Even if you own a totally online business, all of your marketing efforts don't have to be online. Get out there in your community, and interact with all of those potential customers! People often think of online companies as faceless entities that communicate only through email and Twitter, so you can set yourself apart from the crowd by mixing and mingling. If people can connect a face with your business, they might be more likely to buy from you than from competitors they've never met.

Of course, you'll also be gleaning information from everyone you contact while you're out there in the world. The key is to transform these connections into an online form. If you're selling your goods at a neighborhood festival, be sure that customers take advantage of the handy email sign-up sheet in your booth. Collect business cards at a networking event, and be sure to add those names to your email list and start following everyone on social media. Then you can try to make these new friends into loyal customers.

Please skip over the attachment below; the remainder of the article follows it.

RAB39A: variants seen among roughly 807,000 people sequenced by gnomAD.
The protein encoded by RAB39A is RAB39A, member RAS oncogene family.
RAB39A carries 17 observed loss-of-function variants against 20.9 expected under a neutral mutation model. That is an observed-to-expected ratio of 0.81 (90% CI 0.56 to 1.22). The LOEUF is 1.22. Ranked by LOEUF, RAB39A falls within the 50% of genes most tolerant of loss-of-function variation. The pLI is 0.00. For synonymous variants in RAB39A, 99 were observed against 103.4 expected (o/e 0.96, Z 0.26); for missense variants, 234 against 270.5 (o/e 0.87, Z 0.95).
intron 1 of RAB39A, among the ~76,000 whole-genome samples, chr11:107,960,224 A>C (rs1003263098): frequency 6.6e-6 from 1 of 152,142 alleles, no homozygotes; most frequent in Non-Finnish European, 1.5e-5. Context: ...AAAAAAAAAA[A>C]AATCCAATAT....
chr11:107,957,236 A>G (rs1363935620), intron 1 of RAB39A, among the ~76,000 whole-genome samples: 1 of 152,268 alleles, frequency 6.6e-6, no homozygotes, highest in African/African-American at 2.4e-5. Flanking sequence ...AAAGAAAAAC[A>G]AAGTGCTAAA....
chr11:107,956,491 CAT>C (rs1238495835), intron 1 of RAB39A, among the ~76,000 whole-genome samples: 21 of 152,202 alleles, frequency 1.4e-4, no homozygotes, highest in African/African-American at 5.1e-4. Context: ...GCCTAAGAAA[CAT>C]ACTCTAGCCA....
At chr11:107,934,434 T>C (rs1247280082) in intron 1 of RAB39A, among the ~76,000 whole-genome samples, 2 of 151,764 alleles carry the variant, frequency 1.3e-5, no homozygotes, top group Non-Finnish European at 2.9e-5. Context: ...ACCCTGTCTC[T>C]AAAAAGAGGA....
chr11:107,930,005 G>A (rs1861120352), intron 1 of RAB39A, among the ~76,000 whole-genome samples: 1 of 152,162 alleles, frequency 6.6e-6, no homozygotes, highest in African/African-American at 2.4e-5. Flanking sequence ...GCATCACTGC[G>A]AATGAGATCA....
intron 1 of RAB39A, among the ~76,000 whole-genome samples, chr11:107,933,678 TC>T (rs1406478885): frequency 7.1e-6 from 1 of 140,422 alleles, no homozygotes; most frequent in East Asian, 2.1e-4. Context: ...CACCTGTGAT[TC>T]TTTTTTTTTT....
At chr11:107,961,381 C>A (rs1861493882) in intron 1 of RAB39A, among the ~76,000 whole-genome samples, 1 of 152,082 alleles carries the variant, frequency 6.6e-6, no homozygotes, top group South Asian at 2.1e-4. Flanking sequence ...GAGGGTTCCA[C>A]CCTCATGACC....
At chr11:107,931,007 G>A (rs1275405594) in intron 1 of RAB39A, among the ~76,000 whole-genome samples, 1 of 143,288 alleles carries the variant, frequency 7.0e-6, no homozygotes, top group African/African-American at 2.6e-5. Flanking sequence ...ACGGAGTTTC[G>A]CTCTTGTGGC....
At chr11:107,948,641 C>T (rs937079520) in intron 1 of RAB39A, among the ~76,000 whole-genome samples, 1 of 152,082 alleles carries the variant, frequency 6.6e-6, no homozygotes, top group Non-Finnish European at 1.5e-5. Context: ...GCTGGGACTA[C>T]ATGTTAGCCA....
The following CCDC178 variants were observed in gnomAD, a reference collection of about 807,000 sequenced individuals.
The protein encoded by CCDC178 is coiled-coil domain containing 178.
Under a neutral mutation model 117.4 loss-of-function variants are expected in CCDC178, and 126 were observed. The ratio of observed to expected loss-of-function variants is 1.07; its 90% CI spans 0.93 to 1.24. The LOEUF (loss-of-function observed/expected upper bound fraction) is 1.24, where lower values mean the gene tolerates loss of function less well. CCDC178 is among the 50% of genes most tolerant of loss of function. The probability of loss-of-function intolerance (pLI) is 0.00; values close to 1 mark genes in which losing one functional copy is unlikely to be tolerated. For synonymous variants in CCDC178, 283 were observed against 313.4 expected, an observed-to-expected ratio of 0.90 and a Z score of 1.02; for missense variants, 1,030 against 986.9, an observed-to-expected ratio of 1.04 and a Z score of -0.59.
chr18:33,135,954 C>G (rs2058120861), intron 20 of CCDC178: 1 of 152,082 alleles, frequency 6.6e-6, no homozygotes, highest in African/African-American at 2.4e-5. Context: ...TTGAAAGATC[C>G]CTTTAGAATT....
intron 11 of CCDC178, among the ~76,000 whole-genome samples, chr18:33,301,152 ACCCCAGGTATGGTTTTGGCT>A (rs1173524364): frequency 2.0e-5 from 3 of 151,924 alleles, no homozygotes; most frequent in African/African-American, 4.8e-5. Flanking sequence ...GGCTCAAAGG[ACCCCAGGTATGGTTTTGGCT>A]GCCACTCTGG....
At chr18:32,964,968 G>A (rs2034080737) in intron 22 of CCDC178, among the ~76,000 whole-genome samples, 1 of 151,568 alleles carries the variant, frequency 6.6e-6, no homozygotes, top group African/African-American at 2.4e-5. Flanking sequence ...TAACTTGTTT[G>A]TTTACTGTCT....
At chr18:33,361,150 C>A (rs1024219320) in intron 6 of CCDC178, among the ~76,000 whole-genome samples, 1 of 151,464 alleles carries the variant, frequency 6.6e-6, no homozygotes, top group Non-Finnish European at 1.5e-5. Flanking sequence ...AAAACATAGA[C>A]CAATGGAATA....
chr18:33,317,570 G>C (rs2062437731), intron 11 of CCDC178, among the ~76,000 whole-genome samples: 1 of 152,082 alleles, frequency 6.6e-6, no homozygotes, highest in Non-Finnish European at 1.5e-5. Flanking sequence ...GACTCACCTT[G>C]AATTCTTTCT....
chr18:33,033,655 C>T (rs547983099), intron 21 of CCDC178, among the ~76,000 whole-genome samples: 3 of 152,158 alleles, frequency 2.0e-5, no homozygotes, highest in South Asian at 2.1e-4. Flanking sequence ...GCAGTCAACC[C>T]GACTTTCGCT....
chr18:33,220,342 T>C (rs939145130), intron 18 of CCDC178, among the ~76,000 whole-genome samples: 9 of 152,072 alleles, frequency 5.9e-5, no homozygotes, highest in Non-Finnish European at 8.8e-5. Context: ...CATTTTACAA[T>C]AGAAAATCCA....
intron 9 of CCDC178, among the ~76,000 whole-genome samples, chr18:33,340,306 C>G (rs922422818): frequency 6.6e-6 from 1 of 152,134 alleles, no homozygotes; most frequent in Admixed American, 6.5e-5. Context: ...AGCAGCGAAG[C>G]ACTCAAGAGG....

If your content allows, use videos to market your business. Newscast/UIG via Getty Images

This one is obviously more likely to work if you're selling products that lend themselves to being included in videos. We're guessing not too many people are going to be interested in software-development videos. (Although there's a niche for everything, we suppose.) But if you sell or make toys and can create extreme close-up videos of kids playing with the toys while narrating their every move? You've struck a YouTube gold mine. (We did say there's a niche for everything.)